VERGAS, Minn. — It may be an odd business model, but North Circle Seeds wants you to grow your own vegetable seeds.
They’d like you to buy their seeds, of course, but then they’d like you to save some seeds at harvest time so you can plant them next year.
North Circle Seeds is so committed to clients learning how to grow their own seeds that Zachary Paige, a company founder, conducts workshops to teach you and your friends the ins-and-outs of seed saving and preservation.
All of the seeds North Circle has on sale can be saved. “We only sell seeds from open pollinated varieties,” Paige said.
When planted, open pollinated seeds — unlike hybrids and genetically modified seeds — will grow into plants nearly identical to their parents. In addition to being open pollinated, North Circle Seeds are certified organic.
Their selection of open pollinated varieties pretty much encompass the entire range of what would be found in the home garden. There are 11 varieties of tomatoes, three varieties of squash and pumpkin, six varieties of hot and sweet peppers, a Cherry Belle Radish, and two varieties of Asian greens, among other familiar garden crops. For the adventurous, there’s Pinky Popcorn and the multi-colored Magnificent Popcorn or you can try the pretty green-and-white striped African Zebra Eggplant.
Paige describes Zebra Eggplant as having a delicious, unexpectedly semi-sweet flavor.
“The fruit are versatile and can be eaten raw, boiled, sautéed, or in soups,” he said. “Many traditional African recipes can be found online; but they also are excellent simply grilled or sautéed with other veggies. The rich flavor lends itself well to spicy dishes. Young leaves can be cooked down into stews.”
“The seeds for this variety originate from Simeon Bakunda, an immigrant from Congo in Africa,” he continued. “They’ve been selected for the past seven years in Fargo, where he grows them with the Growing Together (community garden) project.”
Like the Zebra eggplant, most of the seeds in the North Circle Seed catalog, now in its second season, have stories and cultural significance associated with them.
The Russian tomato heirloom variety known as Gypsy, for example, was developed in the USSR during the Soviet era and introduced into the United States over 20 years ago. It was named for the Gypsies who live in parts of Russia. It is an indeterminate variety which produces heavy yields of small, six-ounce, mahogany to deep brown/purple round tomatoes with green shoulders (according to North Circle’s catalog). It has outstanding flavor with a good balance between sweet and acidic with an almost smoky flavor.
Saving seeds from open pollinated tomato varieties is a two-step process, according to Paige.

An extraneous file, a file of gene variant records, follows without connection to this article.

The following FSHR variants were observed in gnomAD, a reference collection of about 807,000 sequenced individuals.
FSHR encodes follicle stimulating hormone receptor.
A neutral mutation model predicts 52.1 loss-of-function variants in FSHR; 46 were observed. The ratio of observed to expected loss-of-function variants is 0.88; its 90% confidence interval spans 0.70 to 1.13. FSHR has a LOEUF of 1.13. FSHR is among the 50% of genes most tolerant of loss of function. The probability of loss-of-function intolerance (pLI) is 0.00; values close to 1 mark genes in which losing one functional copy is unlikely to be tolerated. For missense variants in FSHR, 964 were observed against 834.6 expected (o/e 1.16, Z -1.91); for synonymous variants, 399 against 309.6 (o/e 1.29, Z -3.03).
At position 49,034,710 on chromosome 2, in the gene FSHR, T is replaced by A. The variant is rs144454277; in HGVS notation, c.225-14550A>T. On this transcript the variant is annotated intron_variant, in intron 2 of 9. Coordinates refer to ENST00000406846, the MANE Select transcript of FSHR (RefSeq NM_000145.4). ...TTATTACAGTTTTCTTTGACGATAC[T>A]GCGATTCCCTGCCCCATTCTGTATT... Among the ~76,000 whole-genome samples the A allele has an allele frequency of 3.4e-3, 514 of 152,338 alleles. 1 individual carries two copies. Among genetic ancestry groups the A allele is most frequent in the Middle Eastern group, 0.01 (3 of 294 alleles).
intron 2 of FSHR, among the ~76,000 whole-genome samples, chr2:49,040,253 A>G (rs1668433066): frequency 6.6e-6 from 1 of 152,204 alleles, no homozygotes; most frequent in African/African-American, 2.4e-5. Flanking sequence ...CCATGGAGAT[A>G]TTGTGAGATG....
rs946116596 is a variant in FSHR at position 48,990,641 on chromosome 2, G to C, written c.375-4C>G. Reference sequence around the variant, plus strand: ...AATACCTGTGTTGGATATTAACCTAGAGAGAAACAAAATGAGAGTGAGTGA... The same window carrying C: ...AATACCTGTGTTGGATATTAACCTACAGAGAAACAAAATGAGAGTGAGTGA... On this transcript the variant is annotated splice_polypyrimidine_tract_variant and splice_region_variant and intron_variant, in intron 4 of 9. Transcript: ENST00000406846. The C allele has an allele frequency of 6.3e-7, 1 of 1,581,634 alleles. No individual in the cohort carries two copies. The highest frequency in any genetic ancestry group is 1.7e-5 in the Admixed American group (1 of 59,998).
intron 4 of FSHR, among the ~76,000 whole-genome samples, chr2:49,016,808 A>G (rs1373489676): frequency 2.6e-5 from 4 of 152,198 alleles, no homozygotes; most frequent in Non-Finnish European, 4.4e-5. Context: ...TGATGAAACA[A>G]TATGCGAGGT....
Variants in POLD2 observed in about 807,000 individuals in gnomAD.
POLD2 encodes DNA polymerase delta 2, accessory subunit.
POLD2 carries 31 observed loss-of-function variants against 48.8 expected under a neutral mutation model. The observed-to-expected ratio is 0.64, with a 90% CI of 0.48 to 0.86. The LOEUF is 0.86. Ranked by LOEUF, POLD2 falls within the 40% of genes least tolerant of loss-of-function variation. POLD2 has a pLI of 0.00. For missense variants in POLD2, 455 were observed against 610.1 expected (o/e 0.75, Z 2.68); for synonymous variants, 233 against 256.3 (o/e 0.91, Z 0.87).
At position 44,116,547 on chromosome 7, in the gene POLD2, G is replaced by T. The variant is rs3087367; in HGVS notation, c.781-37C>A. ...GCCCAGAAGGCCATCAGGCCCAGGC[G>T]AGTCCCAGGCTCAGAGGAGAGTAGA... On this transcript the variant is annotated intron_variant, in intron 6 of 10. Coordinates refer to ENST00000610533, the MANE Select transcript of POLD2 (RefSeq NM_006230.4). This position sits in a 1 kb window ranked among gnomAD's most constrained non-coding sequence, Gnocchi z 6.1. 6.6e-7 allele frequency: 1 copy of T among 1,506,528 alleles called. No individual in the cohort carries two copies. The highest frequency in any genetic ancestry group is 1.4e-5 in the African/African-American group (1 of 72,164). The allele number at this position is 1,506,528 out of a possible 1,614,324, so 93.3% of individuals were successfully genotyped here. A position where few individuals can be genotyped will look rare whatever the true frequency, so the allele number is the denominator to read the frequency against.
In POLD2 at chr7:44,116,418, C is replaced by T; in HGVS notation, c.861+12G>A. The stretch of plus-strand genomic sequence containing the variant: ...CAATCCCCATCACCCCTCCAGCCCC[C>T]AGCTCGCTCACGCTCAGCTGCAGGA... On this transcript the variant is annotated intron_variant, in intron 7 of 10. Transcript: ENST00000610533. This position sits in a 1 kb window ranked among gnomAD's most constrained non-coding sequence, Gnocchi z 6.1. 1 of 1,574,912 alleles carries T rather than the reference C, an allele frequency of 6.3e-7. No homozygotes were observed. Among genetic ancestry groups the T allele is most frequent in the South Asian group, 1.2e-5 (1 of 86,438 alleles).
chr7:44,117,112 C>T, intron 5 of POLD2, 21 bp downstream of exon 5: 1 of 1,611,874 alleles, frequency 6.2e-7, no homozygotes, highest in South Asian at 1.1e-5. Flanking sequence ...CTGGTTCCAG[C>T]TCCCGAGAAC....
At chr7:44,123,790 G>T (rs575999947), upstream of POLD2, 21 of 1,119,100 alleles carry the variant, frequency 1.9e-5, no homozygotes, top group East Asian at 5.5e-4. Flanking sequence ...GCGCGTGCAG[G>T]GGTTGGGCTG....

“If you have just a few tomatoes you can squeeze your tomato into a mason jar and add a little water over time,” he said. “A film of healthy bacteria will form on top and that’s when you know you’re done. It should take three days to a week — depending on how hot your house is.”
Once you’ve got your film of bacteria you’ll want to do what Paige calls water winnowing.
“All the good seeds will fall to the bottom and everything else will rise to the top, so you slowly pour off the dirty water,” he said. “You do this a number of times and eventually you’ll have clear water with your seeds at the bottom and then you pour them out into a sieve. After that, I put them into a dehydrator dryer rack with some parchment paper so the seeds don't fall through. I don’t turn the heat on because that could damage the seeds, just let room temperature air flow over them.”
If you don’t have a dehydrator, you can put the seeds on parchment paper on top of the refrigerator where it’s warm and likely safe from curious pets. North Circle Seeds has an excellent video on how to clean tomato seeds at their website, northcirleseeds.com. It’s under the “About” menu item.
Saving bean or pea seeds is a little simpler than saving tomato seeds, Paige says. Like tomatoes, both are self-pollinated and don’t tend to cross with neighboring varieties. Additionally, they are large, easy-to-plant seeds which are harvested once they are completely dry on the plant. After that, the seed saver merely has to separate the seeds from the dry pods.
Corn varieties are more challenging to save because they are wind pollinated and do tend to cross with their neighbors. Nevertheless, North Circle grows out a number of corn varieties in isolation and includes them in their catalog. Rustler, a white dent corn advertised in a Minnesota seed catalog in 1888, is one of them.
“Rustler traces back a few hundred years and more to Native American tribes in the North Dakota territory,” Paige said. “It is considered foundation stock of early white dent corns and known for its short season and hardiness in cold climates.
Paige is trying to preserve the genetics of Rustler because of their historical significance; but he’s working to improve the genetics of some other corn varieties.
“We’re growing a few orange-colored crops that are high in beta carotene like the orange corn blend and Ukrainian Squash,” he said. “We breed for nutrient dense genetics in a number of our varieties and are looking to add a purple corn to our catalog next year that has anthocyanin antioxident levels that are through the roof.
“We breed using classical organic methods to increase vigor to these open-pollinated varieties by crossing open-pollinated varieties together in varietal populations seen in our blue and orange corn blends,” he continued.
North Circle’s Orange Corn Blend, which is grown for them by Riverbend Farm near Delano, Minn., includes varieties originating from Argentina, Italy and Mexico.
You can learn more about North Circle’s certified organic and open pollinated seeds, their workshops, and other educational services by visiting their website or calling (631) 807-5163. They are also on Facebook.